During World War II’s D-Day invasion, allied forces banded together to invade Northern France and free it from German occupation.
More than 150,000 soldiers from the United States, Canada and the United Kingdom stormed the shores of Normandy on June 6, 1944. It is now known as the largest seaborne invasion in history and resulted in a victory against the Germans.
Of those soldiers, many of them are now recognizable names and faces, from professional athletes to Hollywood actors. Here are 10 notable soldiers who served on D-Day:
Although he was already 37, actor Henry Fonda enlisted in World War II in 1942, saying he “didn’t want to be a fake in the war studio.” On D-Day, he gave support to the allies by serving as quartermaster on the destroyer USS Satterlee. He later appeared in the 1962 film The Longest Day, which focused on the events of D-Day.
He’s best known as a catcher for the New York Yankees, but before his record-breaking career as a major league baseball star, Yogi Berra served in the U.S. Navy during World War II. He manned a naval support craft during the invasion of Normandy and later told Keith Olbermann that he didn’t quite grasp the gravity of the situation until it was over.
“Well, being a young guy, I thought it was like the Fourth of July, to tell you the truth,” he said. “I said, ‘Boy, it looks pretty, all the planes coming over.’ And I was looking out and my officer said, ‘You better get your head down in here if you want it on.’”
Before he rose to fame thanks to The Catcher in the Rye, J.D. Salinger fought in World War II and helped invade Utah Beach on D-Day. While he served, Salinger wrote more than 20 short stories, and his time in the war informed much of his writing.
Before he played Scotty on Star Trek, James Doohan was a lieutenant in World War II. Since he was part of the Canadian Army, Doohan and his men were in charge of taking on Juno Beach on D-Day. Doohan was struck by six bullets on that historic day, but the only injury he walked away with was a missing middle finger.
Professional golfer Bobby Jones was 40 years old in 1942, which was when he convinced the commanding officer of his Army Reserve group to let him join the fight. He fought at Normandy on D-Day, but, presumably scarred by the experience, refused to talk about it afterward.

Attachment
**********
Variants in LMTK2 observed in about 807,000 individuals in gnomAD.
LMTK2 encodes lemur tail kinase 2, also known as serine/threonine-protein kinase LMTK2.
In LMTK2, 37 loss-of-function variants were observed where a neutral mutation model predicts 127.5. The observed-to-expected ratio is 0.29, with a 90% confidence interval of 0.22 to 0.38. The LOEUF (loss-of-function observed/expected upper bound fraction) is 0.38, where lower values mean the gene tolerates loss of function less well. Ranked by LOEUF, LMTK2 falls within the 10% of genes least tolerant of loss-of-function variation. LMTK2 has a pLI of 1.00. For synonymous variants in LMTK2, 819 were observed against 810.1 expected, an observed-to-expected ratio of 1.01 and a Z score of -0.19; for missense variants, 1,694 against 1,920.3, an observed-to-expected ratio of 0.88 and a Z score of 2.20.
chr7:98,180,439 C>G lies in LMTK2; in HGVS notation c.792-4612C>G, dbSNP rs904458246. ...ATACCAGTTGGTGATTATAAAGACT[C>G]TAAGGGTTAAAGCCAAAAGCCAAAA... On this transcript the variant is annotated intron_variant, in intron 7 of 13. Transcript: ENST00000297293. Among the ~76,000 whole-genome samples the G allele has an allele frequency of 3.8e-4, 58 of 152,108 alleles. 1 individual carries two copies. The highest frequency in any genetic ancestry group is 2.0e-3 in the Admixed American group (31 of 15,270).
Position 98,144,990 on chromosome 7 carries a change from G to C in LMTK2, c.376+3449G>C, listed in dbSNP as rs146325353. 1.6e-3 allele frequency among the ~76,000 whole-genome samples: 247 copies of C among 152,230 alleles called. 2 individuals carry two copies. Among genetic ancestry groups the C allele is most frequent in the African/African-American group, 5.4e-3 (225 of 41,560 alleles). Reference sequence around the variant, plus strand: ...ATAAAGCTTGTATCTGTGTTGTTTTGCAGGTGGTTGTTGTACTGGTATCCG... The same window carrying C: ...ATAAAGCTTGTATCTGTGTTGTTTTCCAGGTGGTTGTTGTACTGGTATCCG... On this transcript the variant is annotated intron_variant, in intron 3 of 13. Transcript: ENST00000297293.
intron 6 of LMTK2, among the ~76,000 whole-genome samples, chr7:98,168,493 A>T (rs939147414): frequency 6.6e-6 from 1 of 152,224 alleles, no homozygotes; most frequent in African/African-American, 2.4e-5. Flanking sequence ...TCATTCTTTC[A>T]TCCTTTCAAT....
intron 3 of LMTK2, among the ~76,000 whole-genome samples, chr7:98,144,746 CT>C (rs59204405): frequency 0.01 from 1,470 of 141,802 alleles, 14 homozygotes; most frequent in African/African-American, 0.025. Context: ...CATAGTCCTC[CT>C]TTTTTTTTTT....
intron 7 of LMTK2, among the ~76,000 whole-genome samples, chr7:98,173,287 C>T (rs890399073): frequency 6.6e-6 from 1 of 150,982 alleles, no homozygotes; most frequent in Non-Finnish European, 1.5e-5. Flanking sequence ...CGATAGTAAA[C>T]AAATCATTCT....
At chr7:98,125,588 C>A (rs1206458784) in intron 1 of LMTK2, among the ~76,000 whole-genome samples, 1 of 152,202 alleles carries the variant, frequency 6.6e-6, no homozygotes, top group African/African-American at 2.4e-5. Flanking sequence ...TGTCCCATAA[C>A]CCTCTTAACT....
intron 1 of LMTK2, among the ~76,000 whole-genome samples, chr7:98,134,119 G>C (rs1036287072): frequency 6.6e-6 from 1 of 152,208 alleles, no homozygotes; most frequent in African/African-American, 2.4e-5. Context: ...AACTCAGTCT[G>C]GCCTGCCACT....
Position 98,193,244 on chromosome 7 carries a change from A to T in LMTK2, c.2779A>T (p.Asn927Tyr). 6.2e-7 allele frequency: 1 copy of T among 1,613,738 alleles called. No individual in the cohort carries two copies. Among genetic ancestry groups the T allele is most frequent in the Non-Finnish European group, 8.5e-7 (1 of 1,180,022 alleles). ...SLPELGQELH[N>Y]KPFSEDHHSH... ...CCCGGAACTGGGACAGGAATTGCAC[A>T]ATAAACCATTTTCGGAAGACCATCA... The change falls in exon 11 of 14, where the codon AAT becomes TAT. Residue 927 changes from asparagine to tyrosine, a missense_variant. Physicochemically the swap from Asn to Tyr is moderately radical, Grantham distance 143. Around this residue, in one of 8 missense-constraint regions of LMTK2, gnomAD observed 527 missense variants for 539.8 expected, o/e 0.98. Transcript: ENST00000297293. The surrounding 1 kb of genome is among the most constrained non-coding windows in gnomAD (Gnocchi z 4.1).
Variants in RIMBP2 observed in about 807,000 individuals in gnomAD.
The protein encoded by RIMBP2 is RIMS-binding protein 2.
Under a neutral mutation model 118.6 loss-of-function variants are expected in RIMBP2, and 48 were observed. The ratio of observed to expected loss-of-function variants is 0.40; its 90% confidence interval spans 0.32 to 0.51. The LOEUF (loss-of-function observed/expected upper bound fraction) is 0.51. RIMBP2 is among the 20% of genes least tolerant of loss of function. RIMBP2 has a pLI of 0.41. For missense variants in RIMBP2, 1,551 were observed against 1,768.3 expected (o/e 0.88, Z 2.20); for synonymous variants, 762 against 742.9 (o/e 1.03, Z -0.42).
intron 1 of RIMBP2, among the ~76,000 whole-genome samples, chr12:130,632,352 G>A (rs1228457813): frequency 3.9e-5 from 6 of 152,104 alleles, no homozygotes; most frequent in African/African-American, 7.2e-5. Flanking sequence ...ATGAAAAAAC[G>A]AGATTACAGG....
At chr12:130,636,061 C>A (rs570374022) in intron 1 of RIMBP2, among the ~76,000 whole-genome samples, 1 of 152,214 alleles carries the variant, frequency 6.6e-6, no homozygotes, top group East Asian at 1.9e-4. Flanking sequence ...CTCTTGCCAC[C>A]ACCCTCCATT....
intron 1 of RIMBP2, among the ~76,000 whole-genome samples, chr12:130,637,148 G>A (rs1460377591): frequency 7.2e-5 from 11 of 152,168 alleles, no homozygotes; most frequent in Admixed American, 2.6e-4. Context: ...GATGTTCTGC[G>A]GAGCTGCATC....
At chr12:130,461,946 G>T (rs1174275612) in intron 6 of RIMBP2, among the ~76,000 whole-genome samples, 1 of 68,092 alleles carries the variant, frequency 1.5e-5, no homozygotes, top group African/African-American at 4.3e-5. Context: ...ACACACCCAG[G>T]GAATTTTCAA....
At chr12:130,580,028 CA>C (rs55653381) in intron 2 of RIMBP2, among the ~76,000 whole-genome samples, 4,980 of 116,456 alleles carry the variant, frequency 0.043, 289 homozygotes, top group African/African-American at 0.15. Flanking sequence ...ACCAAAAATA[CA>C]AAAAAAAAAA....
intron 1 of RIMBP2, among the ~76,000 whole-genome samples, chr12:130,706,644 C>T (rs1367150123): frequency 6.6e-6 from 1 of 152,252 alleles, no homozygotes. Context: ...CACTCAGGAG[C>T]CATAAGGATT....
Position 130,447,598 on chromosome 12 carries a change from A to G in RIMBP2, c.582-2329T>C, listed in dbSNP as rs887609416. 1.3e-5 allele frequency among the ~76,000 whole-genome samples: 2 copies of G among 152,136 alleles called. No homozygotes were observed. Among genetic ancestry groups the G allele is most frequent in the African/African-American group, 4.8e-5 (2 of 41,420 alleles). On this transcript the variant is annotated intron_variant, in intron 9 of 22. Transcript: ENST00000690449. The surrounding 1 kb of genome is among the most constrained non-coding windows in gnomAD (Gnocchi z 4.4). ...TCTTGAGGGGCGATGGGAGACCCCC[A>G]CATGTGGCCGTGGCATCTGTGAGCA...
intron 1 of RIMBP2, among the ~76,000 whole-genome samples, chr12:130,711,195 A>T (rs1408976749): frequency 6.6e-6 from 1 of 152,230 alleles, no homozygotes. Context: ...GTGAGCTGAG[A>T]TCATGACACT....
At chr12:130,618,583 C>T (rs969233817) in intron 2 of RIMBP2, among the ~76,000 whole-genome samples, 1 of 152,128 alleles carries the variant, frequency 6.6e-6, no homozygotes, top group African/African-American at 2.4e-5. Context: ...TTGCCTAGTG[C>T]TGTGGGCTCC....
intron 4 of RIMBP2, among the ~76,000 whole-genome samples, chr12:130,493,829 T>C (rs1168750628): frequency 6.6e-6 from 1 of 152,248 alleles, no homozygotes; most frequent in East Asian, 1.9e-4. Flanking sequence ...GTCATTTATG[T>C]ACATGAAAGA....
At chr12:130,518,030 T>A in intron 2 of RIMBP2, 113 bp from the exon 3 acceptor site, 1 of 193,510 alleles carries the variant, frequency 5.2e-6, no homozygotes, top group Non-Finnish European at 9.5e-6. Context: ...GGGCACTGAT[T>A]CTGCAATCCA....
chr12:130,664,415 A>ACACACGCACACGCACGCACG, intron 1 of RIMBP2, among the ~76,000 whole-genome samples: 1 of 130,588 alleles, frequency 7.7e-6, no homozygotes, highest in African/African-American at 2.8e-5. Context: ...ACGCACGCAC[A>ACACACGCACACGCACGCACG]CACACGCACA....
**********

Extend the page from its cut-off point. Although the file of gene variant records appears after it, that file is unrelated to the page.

Oscar-winning British actor David Niven, who was famous for playing British war heroes, was desperate to leave the war early and return to Hollywood ahead of D-Day, which surprised many who knew him. He stuck it out, though, and was one of the first officers to land at Normandy. He was later awarded the U.S. Legion of Merit Medal.
Irish-born actor Richard Todd was part of the British Airborne invasion, and his unit was in charge of opening communication routes for other allied troops. They famously jumped out of their planes on parachutes and gliders to stop the Germans from crossing a bridge that would allow them to attack, and Todd was the first one to jump.
"That wasn't my idea," he said. "I was supposed to be on plane number 33, but when I got to the aircraft I discovered the pilot was extremely senior and one of the most experienced there. He wanted to go in first because he had the creme crew. My immediate thought was: 'Oh Lord, I'm going to be the first on the ground.'"
American actor Charles Durning landed on Omaha Beach in one of the first waves of the D-Day invasion and was one of the few soldiers in his group to survive. He was shot several times during the invasion and went on to be awarded a Purple Heart and Silver Star.
Activist and NAACP member Medgar Evers served in World War II and was part of a segregated unit of black soldiers in charge of delivering supplies during the Normandy invasion.
British actor Alec Guinness (famous for Star Wars and Bridge Over River Kwai) was part of the British Royal Navy during World War II and helped land an aircraft that brought British troops to the beaches of Normandy.